HSB 2015 - T Bone Burnett by judy h used under CC BY-NC-SA 2.0

HSB 2015 - T Bone Burnett by judy h used under CC BY-NC-SA 2.0

A T Bone Filmic Feast

Musical multi-hyphenate T Bone Burnett is a man of many talents. He has toured with Bob Dylan, produced albums for the likes of Roy Orbison, Elvis Costello, Alison Krauss and Elton John, enjoyed a successful recording career and won 13 Grammys and an Oscar®.

Musical multi-hyphenate T Bone Burnett is a man of many talents. He has toured with Bob Dylan, produced albums for the likes of Roy Orbison, Elvis Costello, Alison Krauss and Elton John, enjoyed a successful recording career and won 13 Grammys and an Oscar®.

But it is for his film work that he is perhaps best known. Burnett is the man behind the soundtracks of films such as The Hunger Games and country music drama Crazy Heart, and is the collaborator of choice for the Coen Brothers, having worked on four of the writer-director duo's films (O Brother Where Art Thou?, The Big Lebowski, The Ladykillers, and their latest release Inside Llewyn Davis).

"In short, if your film needs music that summons up the American heartland with pedal steel guitar and wounded voices, Burnett's the man you go to" (Guardian)

Burnett sees himself as a curator of traditional American music - his transcendent, authentic choice of songs have arguably made most of the films he has worked on. It is with great pleasure and a keen ear, then, that we have composed a season of Filmic T Bone Burnett Sunday Brunches in February dedicated to the great man's magical music talents.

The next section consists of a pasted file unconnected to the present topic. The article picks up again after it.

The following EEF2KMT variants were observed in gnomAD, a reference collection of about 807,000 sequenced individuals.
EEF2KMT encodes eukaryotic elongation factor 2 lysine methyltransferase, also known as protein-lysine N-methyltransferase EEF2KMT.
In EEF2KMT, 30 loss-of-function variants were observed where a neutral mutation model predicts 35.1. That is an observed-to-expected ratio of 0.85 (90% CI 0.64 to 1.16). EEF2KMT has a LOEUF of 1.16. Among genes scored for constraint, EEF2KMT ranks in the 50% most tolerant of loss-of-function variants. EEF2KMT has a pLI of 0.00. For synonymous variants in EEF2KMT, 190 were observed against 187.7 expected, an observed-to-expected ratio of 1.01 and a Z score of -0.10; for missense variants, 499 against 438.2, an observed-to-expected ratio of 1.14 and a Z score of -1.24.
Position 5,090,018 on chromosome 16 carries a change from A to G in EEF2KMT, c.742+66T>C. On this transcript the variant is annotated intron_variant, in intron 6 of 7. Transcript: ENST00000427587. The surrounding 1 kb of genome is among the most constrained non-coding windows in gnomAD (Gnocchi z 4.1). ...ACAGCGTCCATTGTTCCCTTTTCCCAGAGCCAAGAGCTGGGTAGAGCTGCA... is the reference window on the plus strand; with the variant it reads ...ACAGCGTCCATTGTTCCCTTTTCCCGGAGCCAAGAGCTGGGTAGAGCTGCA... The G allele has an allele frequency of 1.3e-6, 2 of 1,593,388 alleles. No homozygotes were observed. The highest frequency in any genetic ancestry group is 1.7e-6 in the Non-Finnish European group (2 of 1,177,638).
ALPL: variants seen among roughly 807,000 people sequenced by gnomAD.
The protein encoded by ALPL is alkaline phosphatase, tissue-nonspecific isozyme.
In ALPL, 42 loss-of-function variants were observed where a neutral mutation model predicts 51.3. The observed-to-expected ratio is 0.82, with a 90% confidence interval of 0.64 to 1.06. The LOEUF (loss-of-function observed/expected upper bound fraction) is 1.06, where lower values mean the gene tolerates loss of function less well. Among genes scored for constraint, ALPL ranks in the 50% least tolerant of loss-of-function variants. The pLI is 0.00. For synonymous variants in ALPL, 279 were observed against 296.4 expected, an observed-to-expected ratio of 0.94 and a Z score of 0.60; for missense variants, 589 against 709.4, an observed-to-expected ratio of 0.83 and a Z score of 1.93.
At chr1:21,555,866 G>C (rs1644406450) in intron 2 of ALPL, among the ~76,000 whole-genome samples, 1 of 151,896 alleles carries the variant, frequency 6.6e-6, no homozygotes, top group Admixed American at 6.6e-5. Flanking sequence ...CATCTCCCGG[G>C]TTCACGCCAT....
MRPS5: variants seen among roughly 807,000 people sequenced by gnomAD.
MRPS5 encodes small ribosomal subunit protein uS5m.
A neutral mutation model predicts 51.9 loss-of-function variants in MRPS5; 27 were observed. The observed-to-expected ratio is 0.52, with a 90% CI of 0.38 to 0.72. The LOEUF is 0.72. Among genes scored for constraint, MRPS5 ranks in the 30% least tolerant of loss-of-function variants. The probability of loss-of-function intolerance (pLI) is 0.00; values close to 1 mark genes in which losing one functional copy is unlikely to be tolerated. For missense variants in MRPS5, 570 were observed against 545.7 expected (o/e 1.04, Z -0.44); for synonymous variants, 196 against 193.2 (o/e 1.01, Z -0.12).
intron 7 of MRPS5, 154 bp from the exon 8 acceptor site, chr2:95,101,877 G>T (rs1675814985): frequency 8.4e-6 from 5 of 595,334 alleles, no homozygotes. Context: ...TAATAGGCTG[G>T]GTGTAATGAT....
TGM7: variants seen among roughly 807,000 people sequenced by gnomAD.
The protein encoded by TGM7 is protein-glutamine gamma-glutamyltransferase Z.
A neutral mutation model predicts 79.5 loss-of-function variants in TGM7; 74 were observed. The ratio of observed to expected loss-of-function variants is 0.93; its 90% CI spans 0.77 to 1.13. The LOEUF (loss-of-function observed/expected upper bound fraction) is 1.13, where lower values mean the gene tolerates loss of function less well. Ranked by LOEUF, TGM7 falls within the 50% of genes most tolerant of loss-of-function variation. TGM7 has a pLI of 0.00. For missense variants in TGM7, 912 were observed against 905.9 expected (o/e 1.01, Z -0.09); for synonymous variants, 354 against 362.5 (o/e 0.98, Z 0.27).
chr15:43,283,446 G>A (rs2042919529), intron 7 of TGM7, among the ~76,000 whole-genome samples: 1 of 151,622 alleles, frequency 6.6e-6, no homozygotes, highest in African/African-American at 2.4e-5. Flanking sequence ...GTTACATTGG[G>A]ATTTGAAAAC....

The first film in the season is Burnett's first film with the Coens: O Brother Where Art Thou? The film's swampy soundtrack, which served as a vehicle for the story in its own right, brought home Album of the Year at the 2001 Grammys and went on to sell over 8 million copies.

The latest Coen/Burnett collaboration Inside Llewyn Davis is also enjoying a popular run here at Watershed, and we'll be screening it until at least Thu 6 Feb. It tells the story of the folk scene in New York's Greenwich Village at the start of the 1960s, the dark ages before Dylan and Peter, Paul and Mary, before the hit records were released and the big money arrived.

It follows a struggling folk singer (played by Oscar Isaac) who believes 'if it's never new and it never gets old, it's a folk song'. When the Coens first approached T Bone Burnett to work on the film, their opening gambit was "real songs, made up people' - it's the story of a nearly great artist. So Burnett spent months with Isaac creating a history for his character, a life, a backstory, filling in everything - from the way he held his guitar to the music he listened to at home.

Burnett called his work on Inside Llewyn Davis "the best job in the world", and it shows - his passion and knowledge shines through, and his reverence for American music, its importance:

"Historically, music is the way we taught everything. We taught history through music, we taught mathematics through music, we taught language through music, poetry, and this music is the music that grew up out of the ground, it's the music of the people, the poor people. In particular, in the United States."

The T Bone Sunday Brunches are part of Filmic, a joint collaboration between Watershed and our friends at St George's Bristol bringing you a foot-tapping mix of film, music, talks and special events throughout March, April and May.